I know you guys, I gave up sugar for Lent but luckily for me I whipped these up a few weekends ago when I was still indulging in the white stuff.
I think I’ve only eaten macarons twice in my life and neither time was I all that impressed, so naturally I wasn’t excited for this challenge; I’d rather be eating macaroons instead (mmm… macaroons). But in a way I was excited because otherwise I probably would have gone my whole life without making macarons and that would have been a damn shame.
They were enjoyable, delicate, and eating them felt really indulgent though that last part may be because making them myself allowed me to fully appreciate all the effort that went into making these fickle little sandwich cookies.
I did a bit of research on macaron making before diving into it since I’ve heard they can be a bitch to make. I read blogs and books and magazines and watched the Sandwich Cookie Episode of Bake with Anna Olson more times than I care to mention.
Finally I was ready to start.
What is a Macaron?
Basically it’s a fancy sandwich cookie. The cookie part is made from almond meal, sugar, and well beaten egg whites to make a sweet biscuit that’s crisp on the outside but chewy on the inside. They’re so delicate that they pretty much have to be sandwiched together to hold up.
The filling is usually a jam or curd or ganache but I went with a buttercream which was really rich and very sweet (too sweet for some, but not for my sugar loving family).
The recipe I used was Martha Stewart’s recipe for French Macarons not to be confused with her recipe for Parisian Macarons which is somehow different in ways I fail to understand. (Are Parisians not French, Martha?)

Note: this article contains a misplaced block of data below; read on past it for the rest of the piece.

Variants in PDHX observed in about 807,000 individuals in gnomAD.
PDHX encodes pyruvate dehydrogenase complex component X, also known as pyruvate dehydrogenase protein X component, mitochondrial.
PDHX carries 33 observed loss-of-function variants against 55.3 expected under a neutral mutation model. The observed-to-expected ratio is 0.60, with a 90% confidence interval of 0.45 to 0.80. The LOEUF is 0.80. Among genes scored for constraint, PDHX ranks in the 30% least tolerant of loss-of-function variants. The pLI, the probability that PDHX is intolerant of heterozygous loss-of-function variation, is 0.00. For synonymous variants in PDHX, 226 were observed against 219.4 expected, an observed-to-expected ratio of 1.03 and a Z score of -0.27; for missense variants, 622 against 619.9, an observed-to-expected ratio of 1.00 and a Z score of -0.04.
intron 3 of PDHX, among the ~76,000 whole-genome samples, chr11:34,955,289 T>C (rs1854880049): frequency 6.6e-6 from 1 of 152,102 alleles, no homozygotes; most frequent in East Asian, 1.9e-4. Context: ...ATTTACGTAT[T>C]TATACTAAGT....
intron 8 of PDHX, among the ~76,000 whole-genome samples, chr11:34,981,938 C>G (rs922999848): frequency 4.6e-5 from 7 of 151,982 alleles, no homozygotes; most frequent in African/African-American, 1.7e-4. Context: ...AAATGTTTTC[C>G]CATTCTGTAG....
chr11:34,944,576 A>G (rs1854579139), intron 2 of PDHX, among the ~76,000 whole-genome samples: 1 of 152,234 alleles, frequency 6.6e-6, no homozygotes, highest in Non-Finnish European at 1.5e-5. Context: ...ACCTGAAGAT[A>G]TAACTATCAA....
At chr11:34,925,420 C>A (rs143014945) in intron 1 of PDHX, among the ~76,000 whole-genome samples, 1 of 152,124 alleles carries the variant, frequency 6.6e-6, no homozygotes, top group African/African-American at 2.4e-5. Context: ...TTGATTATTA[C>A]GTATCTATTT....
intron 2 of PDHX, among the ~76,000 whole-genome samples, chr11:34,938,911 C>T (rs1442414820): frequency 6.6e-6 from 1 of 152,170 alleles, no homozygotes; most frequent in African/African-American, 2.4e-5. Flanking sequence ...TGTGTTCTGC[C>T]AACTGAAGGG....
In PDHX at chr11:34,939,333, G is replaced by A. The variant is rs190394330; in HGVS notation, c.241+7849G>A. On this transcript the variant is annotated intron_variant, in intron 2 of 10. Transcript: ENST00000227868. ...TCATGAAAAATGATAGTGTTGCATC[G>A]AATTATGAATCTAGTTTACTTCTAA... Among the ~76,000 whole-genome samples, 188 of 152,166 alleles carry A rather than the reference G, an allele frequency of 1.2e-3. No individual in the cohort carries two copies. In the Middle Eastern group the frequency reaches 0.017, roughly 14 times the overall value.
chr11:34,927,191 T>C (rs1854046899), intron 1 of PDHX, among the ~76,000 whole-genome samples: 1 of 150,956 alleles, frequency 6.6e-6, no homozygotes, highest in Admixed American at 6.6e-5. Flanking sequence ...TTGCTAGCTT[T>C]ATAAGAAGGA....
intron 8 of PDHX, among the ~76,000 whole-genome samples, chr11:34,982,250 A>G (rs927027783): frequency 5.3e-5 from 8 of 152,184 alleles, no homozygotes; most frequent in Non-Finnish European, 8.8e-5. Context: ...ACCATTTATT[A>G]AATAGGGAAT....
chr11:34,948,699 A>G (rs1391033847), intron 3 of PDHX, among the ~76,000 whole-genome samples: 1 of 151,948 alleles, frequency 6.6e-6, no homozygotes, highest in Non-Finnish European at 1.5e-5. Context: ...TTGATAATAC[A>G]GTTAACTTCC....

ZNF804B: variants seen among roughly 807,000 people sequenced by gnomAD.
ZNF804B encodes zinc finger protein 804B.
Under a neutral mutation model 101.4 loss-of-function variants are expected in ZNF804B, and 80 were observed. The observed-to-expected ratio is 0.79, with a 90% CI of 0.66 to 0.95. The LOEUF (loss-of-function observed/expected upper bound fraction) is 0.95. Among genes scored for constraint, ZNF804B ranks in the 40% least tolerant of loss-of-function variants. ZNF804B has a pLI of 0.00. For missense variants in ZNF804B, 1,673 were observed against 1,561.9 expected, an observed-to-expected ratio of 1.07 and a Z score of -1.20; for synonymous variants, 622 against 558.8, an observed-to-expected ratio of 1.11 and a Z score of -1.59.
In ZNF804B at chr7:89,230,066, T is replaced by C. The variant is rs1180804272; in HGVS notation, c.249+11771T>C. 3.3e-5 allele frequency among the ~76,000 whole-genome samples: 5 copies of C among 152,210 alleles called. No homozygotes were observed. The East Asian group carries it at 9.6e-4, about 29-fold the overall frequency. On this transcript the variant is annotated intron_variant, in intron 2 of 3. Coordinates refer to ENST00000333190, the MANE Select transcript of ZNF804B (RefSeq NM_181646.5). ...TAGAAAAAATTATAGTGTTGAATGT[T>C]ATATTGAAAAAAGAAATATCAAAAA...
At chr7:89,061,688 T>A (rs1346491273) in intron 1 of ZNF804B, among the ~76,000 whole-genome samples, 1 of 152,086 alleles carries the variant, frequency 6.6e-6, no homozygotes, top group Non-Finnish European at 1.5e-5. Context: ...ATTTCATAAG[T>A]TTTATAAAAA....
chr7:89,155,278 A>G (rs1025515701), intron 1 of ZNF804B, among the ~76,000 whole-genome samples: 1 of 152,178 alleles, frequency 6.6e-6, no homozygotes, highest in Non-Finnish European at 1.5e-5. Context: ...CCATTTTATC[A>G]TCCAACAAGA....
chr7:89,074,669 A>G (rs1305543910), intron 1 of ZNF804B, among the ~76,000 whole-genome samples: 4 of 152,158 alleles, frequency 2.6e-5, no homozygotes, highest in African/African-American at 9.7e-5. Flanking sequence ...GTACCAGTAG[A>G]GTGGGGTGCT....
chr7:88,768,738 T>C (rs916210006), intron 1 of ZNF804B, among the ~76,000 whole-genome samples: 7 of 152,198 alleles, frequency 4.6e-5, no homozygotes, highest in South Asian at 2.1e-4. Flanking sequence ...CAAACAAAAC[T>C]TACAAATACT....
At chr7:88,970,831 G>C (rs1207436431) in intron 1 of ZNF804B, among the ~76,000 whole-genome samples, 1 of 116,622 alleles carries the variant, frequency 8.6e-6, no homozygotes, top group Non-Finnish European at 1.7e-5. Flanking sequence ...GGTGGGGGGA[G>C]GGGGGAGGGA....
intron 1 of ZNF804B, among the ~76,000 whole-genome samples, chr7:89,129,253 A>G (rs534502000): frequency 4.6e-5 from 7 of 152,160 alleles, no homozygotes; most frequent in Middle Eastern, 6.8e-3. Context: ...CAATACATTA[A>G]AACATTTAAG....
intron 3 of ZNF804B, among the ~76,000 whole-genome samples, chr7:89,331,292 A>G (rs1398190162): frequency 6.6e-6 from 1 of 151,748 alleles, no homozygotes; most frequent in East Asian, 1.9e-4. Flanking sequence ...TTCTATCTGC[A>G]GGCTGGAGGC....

Now of course a macaron is nothing without its filling and Martha has a number of recommendations that are just as complicated (if not more so) than the macarons themselves.
I liked the sound of Martha’s coconut filling because it is a Swiss meringue buttercream filling with coconut flakes stirred in . . . and I myself am equal parts buttercream and coconut fanatic.
I’ve never made Swiss meringue buttercream before since it involves complicated things, like double broilers and candy thermometers, of which I like to steer clear. So before starting I consulted my sister, the buttercream guru. (Legend has it she once made 18 different buttercream variations to find the perfect recipe.) She confirmed that Swiss meringue is a bit time consuming but figured I could manage it without experience. And manage it I did.
The Swiss meringue buttercream took a bit more attention than other frostings, but it had a nice smooth consistency that’ll get me making it the next time I tackle a cake.
With a successful buttercream under my belt (Quite literally. I ate a lot of it by the spoon.) I moved on to tackle the main event – the cookies. Making them wasn’t as complicated as I thought. I followed the recipe exactly, using a few extra tips that I learned along the way and I got good results.